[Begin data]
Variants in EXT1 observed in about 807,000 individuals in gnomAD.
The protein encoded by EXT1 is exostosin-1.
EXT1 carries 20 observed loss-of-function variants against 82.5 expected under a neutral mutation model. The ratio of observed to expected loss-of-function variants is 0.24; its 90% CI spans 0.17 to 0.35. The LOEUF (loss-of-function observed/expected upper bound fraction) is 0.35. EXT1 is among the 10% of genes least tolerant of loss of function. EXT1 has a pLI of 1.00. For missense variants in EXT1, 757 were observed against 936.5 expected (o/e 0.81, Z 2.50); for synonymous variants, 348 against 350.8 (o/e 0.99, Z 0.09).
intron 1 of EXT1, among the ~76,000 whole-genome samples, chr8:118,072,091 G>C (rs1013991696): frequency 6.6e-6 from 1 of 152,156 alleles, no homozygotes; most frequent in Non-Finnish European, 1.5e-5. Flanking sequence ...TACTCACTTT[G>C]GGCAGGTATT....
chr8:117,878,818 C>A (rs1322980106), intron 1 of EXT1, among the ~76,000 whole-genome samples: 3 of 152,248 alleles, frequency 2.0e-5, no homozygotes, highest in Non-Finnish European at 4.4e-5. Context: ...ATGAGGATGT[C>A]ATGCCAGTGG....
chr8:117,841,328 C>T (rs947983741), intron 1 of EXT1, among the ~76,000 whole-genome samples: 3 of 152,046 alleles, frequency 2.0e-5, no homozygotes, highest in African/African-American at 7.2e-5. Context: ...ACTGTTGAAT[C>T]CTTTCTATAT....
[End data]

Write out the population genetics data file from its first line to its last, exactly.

Variants in EXT1 observed in about 807,000 individuals in gnomAD.
The protein encoded by EXT1 is exostosin-1.
EXT1 carries 20 observed loss-of-function variants against 82.5 expected under a neutral mutation model. The ratio of observed to expected loss-of-function variants is 0.24; its 90% CI spans 0.17 to 0.35. The LOEUF (loss-of-function observed/expected upper bound fraction) is 0.35. EXT1 is among the 10% of genes least tolerant of loss of function. EXT1 has a pLI of 1.00. For missense variants in EXT1, 757 were observed against 936.5 expected (o/e 0.81, Z 2.50); for synonymous variants, 348 against 350.8 (o/e 0.99, Z 0.09).
intron 1 of EXT1, among the ~76,000 whole-genome samples, chr8:118,072,091 G>C (rs1013991696): frequency 6.6e-6 from 1 of 152,156 alleles, no homozygotes; most frequent in Non-Finnish European, 1.5e-5. Flanking sequence ...TACTCACTTT[G>C]GGCAGGTATT....
chr8:117,878,818 C>A (rs1322980106), intron 1 of EXT1, among the ~76,000 whole-genome samples: 3 of 152,248 alleles, frequency 2.0e-5, no homozygotes, highest in Non-Finnish European at 4.4e-5. Context: ...ATGAGGATGT[C>A]ATGCCAGTGG....
chr8:117,841,328 C>T (rs947983741), intron 1 of EXT1, among the ~76,000 whole-genome samples: 3 of 152,046 alleles, frequency 2.0e-5, no homozygotes, highest in African/African-American at 7.2e-5. Context: ...ACTGTTGAAT[C>T]CTTTCTATAT....